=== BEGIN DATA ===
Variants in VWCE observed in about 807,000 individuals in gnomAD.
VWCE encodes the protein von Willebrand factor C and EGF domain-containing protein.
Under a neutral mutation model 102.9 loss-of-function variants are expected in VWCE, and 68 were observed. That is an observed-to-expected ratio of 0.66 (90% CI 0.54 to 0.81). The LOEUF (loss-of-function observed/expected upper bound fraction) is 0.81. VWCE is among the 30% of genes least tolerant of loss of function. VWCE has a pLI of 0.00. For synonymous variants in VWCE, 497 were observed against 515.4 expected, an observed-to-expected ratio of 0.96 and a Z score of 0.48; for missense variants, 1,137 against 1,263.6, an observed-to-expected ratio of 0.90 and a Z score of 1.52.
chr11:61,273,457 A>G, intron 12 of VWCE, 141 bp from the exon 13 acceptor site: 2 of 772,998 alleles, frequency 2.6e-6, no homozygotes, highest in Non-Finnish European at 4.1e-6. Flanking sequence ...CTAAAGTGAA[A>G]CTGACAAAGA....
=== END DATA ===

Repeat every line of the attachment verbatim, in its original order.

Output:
Variants in VWCE observed in about 807,000 individuals in gnomAD.
VWCE encodes the protein von Willebrand factor C and EGF domain-containing protein.
Under a neutral mutation model 102.9 loss-of-function variants are expected in VWCE, and 68 were observed. That is an observed-to-expected ratio of 0.66 (90% CI 0.54 to 0.81). The LOEUF (loss-of-function observed/expected upper bound fraction) is 0.81. VWCE is among the 30% of genes least tolerant of loss of function. VWCE has a pLI of 0.00. For synonymous variants in VWCE, 497 were observed against 515.4 expected, an observed-to-expected ratio of 0.96 and a Z score of 0.48; for missense variants, 1,137 against 1,263.6, an observed-to-expected ratio of 0.90 and a Z score of 1.52.
chr11:61,273,457 A>G, intron 12 of VWCE, 141 bp from the exon 13 acceptor site: 2 of 772,998 alleles, frequency 2.6e-6, no homozygotes, highest in Non-Finnish European at 4.1e-6. Flanking sequence ...CTAAAGTGAA[A>G]CTGACAAAGA....